Make it smarter
The fear of Artificial Intelligence taking over the world and misuse of data has been increasing. However, experts at a seminar at PILF, spoke about how we can work around it
There is no denying that Artificial Intelligence (AI) is the way forward. AI has proved to be useful in our day to day lives, be it for any purpose, ranging from medical science to calculating bills and even promoting communication, it has indeed penetrated through all the levels. But is the rapid spread of AI really in our best interest?
At the recently concluded Pune International Literary Festival, a talk, organised in association with the Salzburg Global Seminar — a non-profit organisation that hosts programmes on global topics as diverse as healthcare, education, culture, economics, geo-politics, LGBT issues, social justice and sustainability, discussed the challenges and benefits of AI. The panel consisted of Seda Roder, Stacy Baird and Parag Mankeekar, and was moderated by Dr Charles Ehrich.
USE AI CORRECTLY
Roder is of the opinion that ever since technology came into the picture we knew it would be used for the benefit of humankind. “It is the way forward keeping in mind the changing times. That said, when it comes to big data it is actually the small thing — the human factor — that really matters,” she said.
She believes that the reason humans are a higher species is that they possess the feeling of empathy. A machine, no matter how advanced, can never have that quality.
“But the thought that an advanced machine, which is actually built by humans, will take over the human race and the world has created a fear among people everywhere. They think AI will replace humans as a workforce, leaving a void in an individual’s needs,” she said. But Roder pointed out that humans can use AI correctly so that it reaches every community of the world that desperately needs help. We should be able to trust the ever growing technology. “We need to use data in a way that can set the world in the right direction and help the human race advance in various walks of life,” she added.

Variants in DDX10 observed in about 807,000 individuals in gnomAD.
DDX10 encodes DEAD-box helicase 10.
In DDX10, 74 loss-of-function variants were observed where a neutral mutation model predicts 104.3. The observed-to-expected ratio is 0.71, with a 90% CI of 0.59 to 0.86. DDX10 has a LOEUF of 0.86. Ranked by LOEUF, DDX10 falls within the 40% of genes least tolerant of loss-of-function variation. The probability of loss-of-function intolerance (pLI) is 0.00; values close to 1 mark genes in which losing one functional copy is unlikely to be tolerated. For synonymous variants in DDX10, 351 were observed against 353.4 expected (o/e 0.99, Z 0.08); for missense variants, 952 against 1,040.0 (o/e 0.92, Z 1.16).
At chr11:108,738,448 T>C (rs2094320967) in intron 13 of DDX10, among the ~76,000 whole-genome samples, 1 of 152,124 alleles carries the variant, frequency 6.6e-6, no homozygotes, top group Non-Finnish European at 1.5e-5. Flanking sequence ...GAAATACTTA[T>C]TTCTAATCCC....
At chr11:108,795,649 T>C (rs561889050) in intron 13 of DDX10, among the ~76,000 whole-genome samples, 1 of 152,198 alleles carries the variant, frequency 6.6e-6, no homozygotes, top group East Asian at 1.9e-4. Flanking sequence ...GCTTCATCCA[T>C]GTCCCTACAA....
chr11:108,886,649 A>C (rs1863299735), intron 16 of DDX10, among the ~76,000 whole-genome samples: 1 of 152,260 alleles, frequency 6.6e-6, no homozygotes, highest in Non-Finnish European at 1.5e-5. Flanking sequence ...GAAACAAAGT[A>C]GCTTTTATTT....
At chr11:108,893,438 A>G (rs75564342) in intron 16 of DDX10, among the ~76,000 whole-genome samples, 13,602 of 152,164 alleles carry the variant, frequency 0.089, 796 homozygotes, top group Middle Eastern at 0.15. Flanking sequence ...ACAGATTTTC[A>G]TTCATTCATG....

However, when it comes to big data that can actually be used to tackle situations it all comes down to leadership. Citing an example Baird says that big data in China is used for a social credit score. “Countries and companies in the past have been using this technology for their own needs, but what really happens is that personal data is being used against an individual. While governments using your data can manipulate you and control your access to certain facilities and rights, companies using your data can use it for generating money and guide you in a way so that you see what the company wants you to see,” explained Baird. Though data is said to be used for the benefit of citizens and consumers, there are some underlying drawbacks.
However, Baird said that these are being addressed with certain AI laws that are coming into place all over the world, so that privacy is not hampered. “Now privacy is something that people look at differently, some people want their friends and families to know what they are up to while a few others don’t. However, our privacy is at the mercy of private data companies that can sell it once we accept their terms and conditions, which we often do blindly,” Baird added. When asked who he would rather trust with his data — the government or a private company, Baird said that he would any day trust a private company. “Because they cannot manipulate my rights as a citizen but a government can, which is a rather scary thing,” he explained.
Mankeekar, a social tech entrepreneur, believes that along with making lives simpler, AI should be used to promote global empathy and social-emotional skills. “There is a lot of data that is available in the world, but what is the use of this data and technology if people are not going to benefit from it?” asked Mankeekar. Citing an example he said that trillion-dollar companies like Apple have the technology that they are selling at a rate that not many people can afford. “These companies have tried and tested resources that can be used in medical sciences, but they never really reach the people in desperate need, they are rather limited to the upper crust. Making this technology available through AI and innovation has become the need of the hour. This is why we need to put ‘humanity’ in research — not to make it highly profitable but actually help people,” he added.